"One who eats and drinks on the ninth, is considered by the Torah to have fasted on both the ninth and the tenth" (Talmud Yoma 81b).

This principle is derived from a strange allusion to afflicting one’s self on the ninth of the month in Leviticus 23:32 ("... and you shall afflict your souls; on the ninth day of the month in the evening ..."), even though only 5 verses earlier the Torah commanded that we must afflict ourselves on the tenth (Leviticus 23:27).

As on all holidays and on Shabbat, it is a mitzvah to eat festive meals. Yom Kippur is also a holiday. Since one may not eat on Yom Kippur, the festival meals are advanced to the preceding day. The first meal should be eaten early in the afternoon so that one may later have the special seudah hamafseket, the final meal before the fast.

To be considered a festive meal, challah (or bread) must be served. Many people serve kreplach, dumplings, because the hidden bits of meat in dough are symbolic of our desire that God will hide our sins.

The seudah hamafseket is usually eaten after the afternoon service, closer to evening, but while it is still daytime. It is recommended that one eat only light foods which are not too salty (therefore it is customary not to eat fish at this meal) and to avoid intoxicating beverages.

Different families have their own customs how to best celebrate the successful conclusion of Yom Kippur with a festive meal and "break fast." Many Ashkenazi families have dairy meals, while Sephardi families will eat a meat meal.

An Interesting Recipe: Pepitada is a traditional Sephardi post-fast drink made by steeping crushed melon seeds in cold water, straining them and adding a little sugar and perhaps a few drops of orange flower essence, rosewater or honey.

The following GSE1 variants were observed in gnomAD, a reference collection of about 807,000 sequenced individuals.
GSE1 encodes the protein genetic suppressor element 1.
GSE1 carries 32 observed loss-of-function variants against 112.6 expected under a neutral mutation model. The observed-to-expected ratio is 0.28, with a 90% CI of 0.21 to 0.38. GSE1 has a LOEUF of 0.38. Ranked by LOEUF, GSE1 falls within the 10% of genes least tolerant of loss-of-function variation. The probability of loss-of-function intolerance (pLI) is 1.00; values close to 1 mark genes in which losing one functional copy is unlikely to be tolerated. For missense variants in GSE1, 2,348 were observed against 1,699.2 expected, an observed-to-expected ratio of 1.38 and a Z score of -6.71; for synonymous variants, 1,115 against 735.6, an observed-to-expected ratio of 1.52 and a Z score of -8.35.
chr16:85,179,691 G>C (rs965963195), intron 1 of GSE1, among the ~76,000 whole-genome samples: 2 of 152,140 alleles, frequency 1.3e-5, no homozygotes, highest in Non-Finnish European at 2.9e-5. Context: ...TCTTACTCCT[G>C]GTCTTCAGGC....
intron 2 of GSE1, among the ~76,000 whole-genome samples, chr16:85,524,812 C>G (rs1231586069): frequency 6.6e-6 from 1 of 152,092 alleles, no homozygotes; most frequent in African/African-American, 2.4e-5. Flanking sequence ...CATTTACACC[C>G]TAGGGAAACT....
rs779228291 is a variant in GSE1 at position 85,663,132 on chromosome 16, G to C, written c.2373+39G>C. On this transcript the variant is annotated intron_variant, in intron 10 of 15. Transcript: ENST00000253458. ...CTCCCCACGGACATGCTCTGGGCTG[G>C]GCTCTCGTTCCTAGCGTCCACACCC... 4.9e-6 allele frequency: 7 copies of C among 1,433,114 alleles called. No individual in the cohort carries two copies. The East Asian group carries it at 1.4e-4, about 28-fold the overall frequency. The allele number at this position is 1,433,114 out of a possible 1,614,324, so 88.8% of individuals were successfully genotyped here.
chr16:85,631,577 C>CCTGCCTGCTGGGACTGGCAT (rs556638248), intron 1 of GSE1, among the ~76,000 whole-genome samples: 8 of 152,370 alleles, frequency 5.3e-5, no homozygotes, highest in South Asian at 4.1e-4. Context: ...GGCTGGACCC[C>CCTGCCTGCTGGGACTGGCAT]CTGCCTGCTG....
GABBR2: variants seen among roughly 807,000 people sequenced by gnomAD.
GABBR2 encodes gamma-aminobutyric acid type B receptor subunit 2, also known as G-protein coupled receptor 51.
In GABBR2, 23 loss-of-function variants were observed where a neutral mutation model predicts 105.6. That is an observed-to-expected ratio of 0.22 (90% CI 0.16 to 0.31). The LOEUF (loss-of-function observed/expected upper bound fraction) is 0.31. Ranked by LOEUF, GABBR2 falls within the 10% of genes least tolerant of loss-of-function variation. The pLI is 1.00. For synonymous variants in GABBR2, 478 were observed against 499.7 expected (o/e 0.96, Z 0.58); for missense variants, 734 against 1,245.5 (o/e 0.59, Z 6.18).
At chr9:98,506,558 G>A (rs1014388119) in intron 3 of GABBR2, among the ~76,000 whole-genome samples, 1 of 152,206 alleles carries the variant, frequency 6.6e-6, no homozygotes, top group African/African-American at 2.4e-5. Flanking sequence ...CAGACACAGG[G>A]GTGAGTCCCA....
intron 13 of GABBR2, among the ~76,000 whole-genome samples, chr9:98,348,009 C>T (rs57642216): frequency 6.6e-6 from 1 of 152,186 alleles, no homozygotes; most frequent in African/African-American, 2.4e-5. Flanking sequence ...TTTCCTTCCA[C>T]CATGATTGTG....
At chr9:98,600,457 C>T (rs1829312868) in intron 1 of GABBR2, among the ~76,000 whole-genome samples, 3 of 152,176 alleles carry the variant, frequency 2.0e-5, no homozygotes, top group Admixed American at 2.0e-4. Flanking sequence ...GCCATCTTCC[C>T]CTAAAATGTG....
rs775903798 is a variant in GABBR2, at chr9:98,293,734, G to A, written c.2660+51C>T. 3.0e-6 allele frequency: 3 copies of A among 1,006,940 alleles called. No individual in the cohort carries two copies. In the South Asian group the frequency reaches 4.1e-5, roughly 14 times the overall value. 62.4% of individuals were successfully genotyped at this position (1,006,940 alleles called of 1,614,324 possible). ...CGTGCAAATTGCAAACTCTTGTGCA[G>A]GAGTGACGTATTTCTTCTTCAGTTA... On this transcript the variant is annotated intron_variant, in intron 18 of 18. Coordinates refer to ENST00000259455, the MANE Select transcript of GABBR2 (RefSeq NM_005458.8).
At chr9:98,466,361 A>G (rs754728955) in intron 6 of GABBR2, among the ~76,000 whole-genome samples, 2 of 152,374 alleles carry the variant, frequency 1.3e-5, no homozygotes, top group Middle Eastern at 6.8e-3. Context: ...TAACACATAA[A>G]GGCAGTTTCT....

This Treat is reposted in honor of Yom Kippur.

Copyright © 2017 NJOP. All rights reserved.

All Set

Make arrangements for Yom Kippur: buy food for before and after the fast, find a service, choose appropriate clothing, etc.

Tuesday, September 26, 2017

Celebrate and Enjoy

Jewish Treats and NJOP wish you a meaningful and fun Shemini Atzeret/Simchat Torah

Scapegoat

The Jewish people have often been cast as the proverbial "scapegoat." When millions died during the Black Plague, the Jews were accused of poisoning the wells. Blood libels accusing Jews of drinking the blood of gentile children (frequently associated with Passover) were all too common throughout history. Medieval (and not so medieval) rulers often blamed the Jews for their own calamitous economic policies.

The concept of the scapegoat is actually of Biblical origin (Leviticus 16). God commands Moses to instruct Aaron, the High Priest, to take two identical goats and cast lots upon them in order to choose one goat for God and one for Azazel. The goat given to God is sacrificed in the Tabernacle/Temple, but the other goat is sent to its death in the wilderness as an atonement.

The description of this ritual, which was performed on Yom Kippur, the Day of Atonement, is difficult to understand. There are numerous attempts to define Azazel. While Rashi (Rabbi Shlomo ben Yitzchak, 1040-1105) defines Azazel as a "hard, rocky place," other commentators have stated that Azazel is the name of a reputed demon.